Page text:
Tax-exempt hospitals, it’s time for your check-up.

To qualify as tax-exempt – a benefit that is worth billions of dollars annually for the nonprofit hospital sector – nonprofit hospitals must meet a “community benefit” standard, which requires them to make contributions to their communities. However, the law does not require a minimum amount of charitable activities, and hospitals are largely free to define for themselves what their “community benefit” is.

Although “nonprofit” does not mean “no profit,” tax-exempt hospitals have come under scrutiny in recent years for the magnitude of their profits relative to the amount of charitable care they provide. Recent reports have shown that as their revenue has increased, the amount of charitable care has declined. With limited oversight from the IRS, critics say these hospitals are behaving more like big businesses than the charitable endeavors they are supposed to be. This trend has attracted the attention of Congress.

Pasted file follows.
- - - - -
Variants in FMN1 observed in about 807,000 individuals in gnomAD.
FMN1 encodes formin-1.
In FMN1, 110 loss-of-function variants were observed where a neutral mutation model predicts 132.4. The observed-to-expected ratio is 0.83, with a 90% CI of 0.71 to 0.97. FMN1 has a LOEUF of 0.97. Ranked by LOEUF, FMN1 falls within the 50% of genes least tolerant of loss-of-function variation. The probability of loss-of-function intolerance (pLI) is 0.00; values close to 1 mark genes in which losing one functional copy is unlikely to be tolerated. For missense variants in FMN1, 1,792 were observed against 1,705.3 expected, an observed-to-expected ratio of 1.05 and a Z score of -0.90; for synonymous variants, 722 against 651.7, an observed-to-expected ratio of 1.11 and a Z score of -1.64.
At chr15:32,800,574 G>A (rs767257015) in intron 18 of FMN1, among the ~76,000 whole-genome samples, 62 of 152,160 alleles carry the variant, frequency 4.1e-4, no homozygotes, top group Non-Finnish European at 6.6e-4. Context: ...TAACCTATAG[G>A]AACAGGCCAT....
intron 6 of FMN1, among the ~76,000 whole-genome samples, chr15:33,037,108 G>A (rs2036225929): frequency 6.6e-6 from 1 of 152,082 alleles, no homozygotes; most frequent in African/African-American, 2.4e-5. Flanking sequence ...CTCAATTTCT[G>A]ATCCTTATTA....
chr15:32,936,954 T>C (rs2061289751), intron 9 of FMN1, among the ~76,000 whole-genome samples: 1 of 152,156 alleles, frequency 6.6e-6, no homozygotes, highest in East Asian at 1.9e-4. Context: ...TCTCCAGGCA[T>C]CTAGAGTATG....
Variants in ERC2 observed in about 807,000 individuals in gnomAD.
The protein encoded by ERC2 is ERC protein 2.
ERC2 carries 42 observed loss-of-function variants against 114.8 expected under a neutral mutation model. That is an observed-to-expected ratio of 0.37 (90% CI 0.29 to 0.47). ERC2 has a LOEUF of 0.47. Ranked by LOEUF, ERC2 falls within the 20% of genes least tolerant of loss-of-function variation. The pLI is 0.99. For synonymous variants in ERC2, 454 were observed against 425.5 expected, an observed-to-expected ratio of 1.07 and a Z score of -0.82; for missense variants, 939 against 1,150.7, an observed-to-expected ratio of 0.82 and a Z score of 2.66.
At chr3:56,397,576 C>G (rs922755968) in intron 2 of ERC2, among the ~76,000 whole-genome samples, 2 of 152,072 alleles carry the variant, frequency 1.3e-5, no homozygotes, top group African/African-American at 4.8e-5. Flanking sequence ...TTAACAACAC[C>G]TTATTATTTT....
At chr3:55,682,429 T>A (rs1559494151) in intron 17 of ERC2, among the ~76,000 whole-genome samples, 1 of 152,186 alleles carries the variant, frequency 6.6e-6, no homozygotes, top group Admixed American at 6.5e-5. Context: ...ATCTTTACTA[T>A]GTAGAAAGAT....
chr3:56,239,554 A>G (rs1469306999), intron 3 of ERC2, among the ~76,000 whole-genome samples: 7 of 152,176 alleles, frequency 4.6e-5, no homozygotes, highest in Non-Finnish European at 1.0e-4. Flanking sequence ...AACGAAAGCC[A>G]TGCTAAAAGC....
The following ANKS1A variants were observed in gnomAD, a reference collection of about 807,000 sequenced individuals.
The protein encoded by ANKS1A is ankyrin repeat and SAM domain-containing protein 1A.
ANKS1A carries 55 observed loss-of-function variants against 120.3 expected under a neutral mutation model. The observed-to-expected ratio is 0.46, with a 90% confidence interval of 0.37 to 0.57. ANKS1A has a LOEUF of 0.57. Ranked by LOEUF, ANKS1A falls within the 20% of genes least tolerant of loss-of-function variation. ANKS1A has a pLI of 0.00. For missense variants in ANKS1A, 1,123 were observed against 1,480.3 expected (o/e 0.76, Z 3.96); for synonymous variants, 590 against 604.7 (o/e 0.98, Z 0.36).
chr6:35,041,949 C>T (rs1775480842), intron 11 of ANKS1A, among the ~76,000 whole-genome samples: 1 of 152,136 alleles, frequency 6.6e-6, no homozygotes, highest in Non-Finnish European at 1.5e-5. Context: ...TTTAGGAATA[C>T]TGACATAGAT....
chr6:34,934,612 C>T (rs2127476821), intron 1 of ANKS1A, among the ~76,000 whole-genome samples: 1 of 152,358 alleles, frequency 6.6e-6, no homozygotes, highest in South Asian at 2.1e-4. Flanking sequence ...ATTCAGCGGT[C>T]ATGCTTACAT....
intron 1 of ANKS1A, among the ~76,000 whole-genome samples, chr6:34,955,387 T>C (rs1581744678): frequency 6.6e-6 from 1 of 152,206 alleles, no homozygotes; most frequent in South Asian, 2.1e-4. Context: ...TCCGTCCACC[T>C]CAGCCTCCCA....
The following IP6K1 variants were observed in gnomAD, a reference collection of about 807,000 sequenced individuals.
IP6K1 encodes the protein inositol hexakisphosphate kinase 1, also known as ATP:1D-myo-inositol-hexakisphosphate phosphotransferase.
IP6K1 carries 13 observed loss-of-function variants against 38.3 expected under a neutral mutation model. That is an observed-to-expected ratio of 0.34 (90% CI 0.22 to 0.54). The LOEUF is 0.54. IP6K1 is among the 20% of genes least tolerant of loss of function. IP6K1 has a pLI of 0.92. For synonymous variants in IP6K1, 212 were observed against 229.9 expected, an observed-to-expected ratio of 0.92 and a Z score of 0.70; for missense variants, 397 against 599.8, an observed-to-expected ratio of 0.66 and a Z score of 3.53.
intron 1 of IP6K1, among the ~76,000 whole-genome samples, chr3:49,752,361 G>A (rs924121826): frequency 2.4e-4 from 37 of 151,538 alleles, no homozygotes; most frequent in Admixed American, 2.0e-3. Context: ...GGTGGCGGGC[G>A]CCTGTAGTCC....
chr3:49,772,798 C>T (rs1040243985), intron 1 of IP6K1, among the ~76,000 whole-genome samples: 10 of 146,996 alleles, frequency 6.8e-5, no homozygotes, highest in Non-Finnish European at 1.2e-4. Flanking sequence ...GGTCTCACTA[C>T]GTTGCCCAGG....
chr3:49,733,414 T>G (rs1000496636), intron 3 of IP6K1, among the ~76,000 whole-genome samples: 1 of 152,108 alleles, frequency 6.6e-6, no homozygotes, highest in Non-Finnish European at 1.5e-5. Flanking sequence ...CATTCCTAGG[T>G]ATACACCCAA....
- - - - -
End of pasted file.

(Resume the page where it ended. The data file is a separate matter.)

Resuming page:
Senate Finance Committee Chairman Chuck Grassley (R-Iowa) has been particularly focused on ensuring that the law is enforced by the Internal Revenue Service. A year ago, Sen. Grassley asked the IRS for information about how it was monitoring tax-exempt hospitals’ compliance with the federal tax code, particularly the community benefit requirements. This month, he sent the IRS more questions, this time asking for the results of the IRS’s reviews of tax-exempt hospitals, including how many hospitals had been found to be non-compliant.

During the 2017 tax overhaul, tax-exempt hospitals dodged any significant changes to the way they are regulated, but that doesn’t mean they’re out of the crosshairs. Scrutiny of their charitable activities and finances, along with a public debate over whether they’ve earned their tax breaks, will continue.